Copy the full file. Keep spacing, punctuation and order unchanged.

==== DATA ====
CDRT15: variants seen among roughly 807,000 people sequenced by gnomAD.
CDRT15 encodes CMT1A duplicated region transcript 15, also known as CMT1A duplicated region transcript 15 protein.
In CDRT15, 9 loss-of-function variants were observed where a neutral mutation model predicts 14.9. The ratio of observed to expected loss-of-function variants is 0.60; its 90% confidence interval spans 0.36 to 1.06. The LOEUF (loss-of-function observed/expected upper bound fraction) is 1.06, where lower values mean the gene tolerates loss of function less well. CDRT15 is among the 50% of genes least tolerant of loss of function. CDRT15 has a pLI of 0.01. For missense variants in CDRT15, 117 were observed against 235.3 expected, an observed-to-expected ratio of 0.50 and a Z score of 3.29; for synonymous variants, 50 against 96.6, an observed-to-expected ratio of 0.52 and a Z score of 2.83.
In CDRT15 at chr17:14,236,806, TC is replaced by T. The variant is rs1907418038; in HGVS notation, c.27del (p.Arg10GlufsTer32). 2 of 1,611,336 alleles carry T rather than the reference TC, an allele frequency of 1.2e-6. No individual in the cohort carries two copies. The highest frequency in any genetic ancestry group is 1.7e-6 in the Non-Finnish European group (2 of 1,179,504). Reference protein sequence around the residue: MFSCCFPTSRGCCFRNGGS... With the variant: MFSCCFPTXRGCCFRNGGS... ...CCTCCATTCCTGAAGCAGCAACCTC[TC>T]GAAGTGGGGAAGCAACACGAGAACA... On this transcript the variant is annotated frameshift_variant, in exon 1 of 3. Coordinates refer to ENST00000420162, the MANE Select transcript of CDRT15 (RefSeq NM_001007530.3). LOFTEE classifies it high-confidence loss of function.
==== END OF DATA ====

CDRT15: variants seen among roughly 807,000 people sequenced by gnomAD.
CDRT15 encodes CMT1A duplicated region transcript 15, also known as CMT1A duplicated region transcript 15 protein.
In CDRT15, 9 loss-of-function variants were observed where a neutral mutation model predicts 14.9. The ratio of observed to expected loss-of-function variants is 0.60; its 90% confidence interval spans 0.36 to 1.06. The LOEUF (loss-of-function observed/expected upper bound fraction) is 1.06, where lower values mean the gene tolerates loss of function less well. CDRT15 is among the 50% of genes least tolerant of loss of function. CDRT15 has a pLI of 0.01. For missense variants in CDRT15, 117 were observed against 235.3 expected, an observed-to-expected ratio of 0.50 and a Z score of 3.29; for synonymous variants, 50 against 96.6, an observed-to-expected ratio of 0.52 and a Z score of 2.83.
In CDRT15 at chr17:14,236,806, TC is replaced by T. The variant is rs1907418038; in HGVS notation, c.27del (p.Arg10GlufsTer32). 2 of 1,611,336 alleles carry T rather than the reference TC, an allele frequency of 1.2e-6. No individual in the cohort carries two copies. The highest frequency in any genetic ancestry group is 1.7e-6 in the Non-Finnish European group (2 of 1,179,504). Reference protein sequence around the residue: MFSCCFPTSRGCCFRNGGS... With the variant: MFSCCFPTXRGCCFRNGGS... ...CCTCCATTCCTGAAGCAGCAACCTC[TC>T]GAAGTGGGGAAGCAACACGAGAACA... On this transcript the variant is annotated frameshift_variant, in exon 1 of 3. Coordinates refer to ENST00000420162, the MANE Select transcript of CDRT15 (RefSeq NM_001007530.3). LOFTEE classifies it high-confidence loss of function.